Cover to Credits: FOXFIRE

That time Angelina Jolie organized her very own female FIGHT CLUB.

"The book was better" is a phrase heard often in conversations about book-to-film adaptations. "Don't judge a book by its movie" is another common jab. While we've all uttered some version of this sentiment at one point or another, there have been those rare occasions when the opposite is true. As a lifelong bookworm and cinephile, I've discovered that whether I read the book before or after seeing the movie can have a profound influence on my enjoyment of the story across both mediums. In this column, I’ll be checking out old and new adaptations to further explore both sides of that experience. In the process, I hope to unveil how these two vastly different mediums work together to tell the same story, from cover to credits.


“We didn’t belong and never would…such truths, FOXFIRE made softer.”

- Joyce Carol Oates, Foxfire: Confessions of a Girl Gang

Two teenage girls, best friends, lay huddled side by side in whispered conversation about God and mortality. One of them, the bold one, admits she doesn’t believe in the idea of a soul that goes on forever. She believes in the here and now. “Like a flame is real enough, isn’t it, while it’s burning?” she asks. “Even if there’s a time it goes out?”

It’s an intimate moment between the main characters of Foxfire: Confessions of a Girl Gang by Joyce Carol Oates, offering a profound statement on the impermanence of youth and girlish devotion. The type of moment I’d wager a lot of girls remember sharing with at least one bestie in their lifetime. As a result, Foxfire is one of those stories that brings back memories and feelings long forgotten. "Like a flame" that once burned so bright you thought it would last forever.

Published in 1993, the novel chronicles the rise and fall of Foxfire, a teenage girl gang formed in the fictional blue-collar town of Hammond, NY during the 1950s. Led by the charismatic Margaret “Legs” Sadovsky, the narrative follows Foxfire’s humble beginnings of five members with some graffiti and peaceful protests to a veritable sisterhood of outlaws enacting violent and criminal retaliations against their male oppressors. Abandoned by deadbeat parents, most Foxfire girls have been fending for themselves for years and are just grateful to have a place they belong. But providing emotionally and financially for an outfit of teenage delinquents proves more than this lot can handle. As their numbers grow, so does their desperation, inspiring impetuous decisions that lead to the gang’s inevitable downfall.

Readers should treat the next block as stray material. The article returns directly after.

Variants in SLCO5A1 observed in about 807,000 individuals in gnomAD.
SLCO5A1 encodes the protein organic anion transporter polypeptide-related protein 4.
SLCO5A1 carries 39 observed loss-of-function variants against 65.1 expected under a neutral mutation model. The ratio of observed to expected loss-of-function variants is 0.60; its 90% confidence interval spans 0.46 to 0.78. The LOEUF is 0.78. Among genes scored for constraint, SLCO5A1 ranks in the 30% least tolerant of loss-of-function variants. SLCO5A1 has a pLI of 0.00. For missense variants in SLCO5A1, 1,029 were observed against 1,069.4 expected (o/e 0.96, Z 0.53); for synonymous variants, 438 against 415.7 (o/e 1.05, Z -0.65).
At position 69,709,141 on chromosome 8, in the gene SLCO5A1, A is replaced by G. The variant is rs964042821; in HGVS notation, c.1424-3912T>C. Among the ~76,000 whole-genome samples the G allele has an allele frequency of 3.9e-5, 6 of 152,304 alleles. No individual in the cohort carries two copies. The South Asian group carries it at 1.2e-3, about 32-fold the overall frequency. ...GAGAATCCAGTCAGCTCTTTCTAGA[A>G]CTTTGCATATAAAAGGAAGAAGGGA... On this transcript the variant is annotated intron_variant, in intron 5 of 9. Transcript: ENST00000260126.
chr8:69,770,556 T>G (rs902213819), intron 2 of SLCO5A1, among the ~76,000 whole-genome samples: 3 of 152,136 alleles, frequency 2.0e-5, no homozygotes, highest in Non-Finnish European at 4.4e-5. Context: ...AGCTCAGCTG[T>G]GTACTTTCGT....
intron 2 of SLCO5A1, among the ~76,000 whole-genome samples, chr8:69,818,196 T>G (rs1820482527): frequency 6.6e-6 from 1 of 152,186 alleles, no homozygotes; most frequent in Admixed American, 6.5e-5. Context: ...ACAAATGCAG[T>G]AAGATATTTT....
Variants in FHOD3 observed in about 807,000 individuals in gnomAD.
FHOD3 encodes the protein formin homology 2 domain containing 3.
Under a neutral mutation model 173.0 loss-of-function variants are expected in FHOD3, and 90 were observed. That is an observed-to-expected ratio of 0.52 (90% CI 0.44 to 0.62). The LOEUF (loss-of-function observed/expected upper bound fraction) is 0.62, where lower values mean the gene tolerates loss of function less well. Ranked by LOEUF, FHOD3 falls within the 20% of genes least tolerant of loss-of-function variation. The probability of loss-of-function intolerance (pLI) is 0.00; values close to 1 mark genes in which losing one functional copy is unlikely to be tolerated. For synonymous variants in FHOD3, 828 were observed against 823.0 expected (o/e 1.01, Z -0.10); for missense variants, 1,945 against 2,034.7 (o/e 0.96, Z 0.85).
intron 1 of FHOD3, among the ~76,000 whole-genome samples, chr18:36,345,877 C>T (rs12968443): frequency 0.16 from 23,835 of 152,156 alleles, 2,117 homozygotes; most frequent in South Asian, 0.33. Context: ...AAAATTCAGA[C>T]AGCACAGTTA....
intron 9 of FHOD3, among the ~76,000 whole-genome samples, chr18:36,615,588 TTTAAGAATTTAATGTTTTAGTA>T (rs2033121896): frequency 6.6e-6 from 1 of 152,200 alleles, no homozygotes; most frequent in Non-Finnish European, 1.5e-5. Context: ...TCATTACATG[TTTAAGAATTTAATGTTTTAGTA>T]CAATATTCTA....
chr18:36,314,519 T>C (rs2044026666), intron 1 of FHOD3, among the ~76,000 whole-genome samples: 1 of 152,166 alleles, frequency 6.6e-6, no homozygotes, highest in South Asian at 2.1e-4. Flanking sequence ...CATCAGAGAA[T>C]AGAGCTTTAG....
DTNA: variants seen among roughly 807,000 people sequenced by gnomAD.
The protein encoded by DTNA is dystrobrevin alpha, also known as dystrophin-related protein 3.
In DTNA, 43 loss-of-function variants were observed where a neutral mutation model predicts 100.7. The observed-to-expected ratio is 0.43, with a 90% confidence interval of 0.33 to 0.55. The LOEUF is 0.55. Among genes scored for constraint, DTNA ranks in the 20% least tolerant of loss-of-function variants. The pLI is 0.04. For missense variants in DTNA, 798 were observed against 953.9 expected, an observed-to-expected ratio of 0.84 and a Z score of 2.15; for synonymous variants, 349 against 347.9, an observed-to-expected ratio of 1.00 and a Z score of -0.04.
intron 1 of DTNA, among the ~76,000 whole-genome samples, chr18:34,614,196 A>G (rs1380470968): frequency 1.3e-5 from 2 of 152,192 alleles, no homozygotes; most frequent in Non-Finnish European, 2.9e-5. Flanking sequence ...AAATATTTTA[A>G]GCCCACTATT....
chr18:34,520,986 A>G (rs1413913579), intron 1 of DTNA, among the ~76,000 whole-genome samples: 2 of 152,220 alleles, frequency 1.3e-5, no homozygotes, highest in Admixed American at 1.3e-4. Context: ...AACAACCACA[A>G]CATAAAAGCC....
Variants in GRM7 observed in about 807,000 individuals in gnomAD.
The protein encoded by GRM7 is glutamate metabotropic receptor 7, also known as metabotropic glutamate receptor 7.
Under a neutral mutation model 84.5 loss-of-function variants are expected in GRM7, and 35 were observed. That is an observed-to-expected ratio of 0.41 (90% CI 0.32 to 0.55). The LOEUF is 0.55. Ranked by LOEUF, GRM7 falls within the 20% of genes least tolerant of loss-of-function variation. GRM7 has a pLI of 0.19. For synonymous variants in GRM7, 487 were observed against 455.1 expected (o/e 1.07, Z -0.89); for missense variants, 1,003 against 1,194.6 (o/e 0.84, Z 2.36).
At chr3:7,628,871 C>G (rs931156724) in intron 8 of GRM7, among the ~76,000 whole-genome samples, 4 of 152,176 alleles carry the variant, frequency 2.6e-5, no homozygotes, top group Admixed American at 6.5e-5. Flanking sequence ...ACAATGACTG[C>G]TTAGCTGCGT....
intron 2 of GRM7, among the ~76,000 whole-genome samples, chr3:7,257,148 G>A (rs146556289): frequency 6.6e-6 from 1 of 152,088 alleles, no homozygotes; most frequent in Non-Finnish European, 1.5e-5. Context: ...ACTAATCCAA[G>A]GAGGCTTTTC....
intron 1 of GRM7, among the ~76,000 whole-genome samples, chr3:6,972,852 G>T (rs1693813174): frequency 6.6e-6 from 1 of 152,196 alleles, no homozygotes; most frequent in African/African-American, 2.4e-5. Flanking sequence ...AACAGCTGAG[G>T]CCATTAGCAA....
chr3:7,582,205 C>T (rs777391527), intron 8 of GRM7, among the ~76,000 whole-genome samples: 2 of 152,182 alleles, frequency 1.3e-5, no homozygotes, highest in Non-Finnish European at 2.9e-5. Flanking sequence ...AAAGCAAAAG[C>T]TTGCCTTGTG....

There have been two films adapted from the novel. The first, released in 1996 was directed by Annette Haywood-Carter from a screenplay by Elizabeth White and is best remembered for Angelina Jolie’s mesmerizing and seductive turn as Legs Sadovsky. Relocating the events to present day Portland, set to the grungiest hits of the nineties, the film preserves only the barest bones of Oates’ original story with all the heart remaining in the bond between the characters. Rounding out the gang with Hedy Burress as Maddy, Jenny Lewis as Rita, Jenny Shimizu as Goldie, and Sarah Rosenberg as Violet, things play out more like a wild weekend than an organized gang uprising. Considering the book’s themes of harassment and denigration of women remain relevant, it’s not the change of the year or the place, but the accelerated timeline that dims the impact Foxfire has on the girls. Sacrificing the growth and maturity of the gang and its members to focus on Legs’ influence over them, the film becomes more about one girl than an entire sisterhood.

Not that Jolie’s Legs isn’t worthy of the attention. Portrayed as more of a drifter than the childhood friend she is in the book (in which she’s described repeatedly as, I kid you not, “a beautiful sharp-cheeked girl”), she’s only passing through long enough to break some hearts and stir up some trouble before moving on to the next inevitable heartache. In the book, Legs is much more dependable and intelligent, caring for everyone to the point where she reaches some sort of mythical status. She’s the Tyler Durden of Foxfire, organizing everything from the gang’s housing to their elaborate money-making schemes, and even branding every new member with a tattoo. A moment beautifully depicted in the film's candlelight ritual that I’m sure more people remember for the nudity than for its empowering message about love and acceptance. At the end of the day, even with the changes, this version manages to convey the feelings of impermanence coursing through the novel.

In contrast, the second adaptation released in 2012 from director Laurent Cantet deviated very little from the book. Unfortunately, holding true to the time period and plot does very little to make up for the film's lackluster performances. His choice to cast unknown and inexperienced actors results in 143 minutes of uninspired line readings, with none of the girls having the presence or magnetism to believably portray these outcasts born from the incomparable mind of Joyce Carol Oates. However, it has its moments, mostly in allowing the girls time to grow up together in Foxfire. Sure, the extended timeline inspires more boredom than entertainment in this adaptation, but it changes the dynamic in a way I would have loved to see them explore with the 1996 cast. While neither film manages to produce more than a rough sketch of the original story, the vastly different approach of the two filmmakers proves that adapting the same story doesn’t require being chained to the source material.

I like to think that since Oates set the novel in a fictional place, she was inviting readers and filmmakers alike to make Foxfire their own. Set it whenever and wherever you want, the girls and the adversities they’re up against remain the same. Their story still fueled by the impermanence of youth and girlish devotion, searching for a place they belong.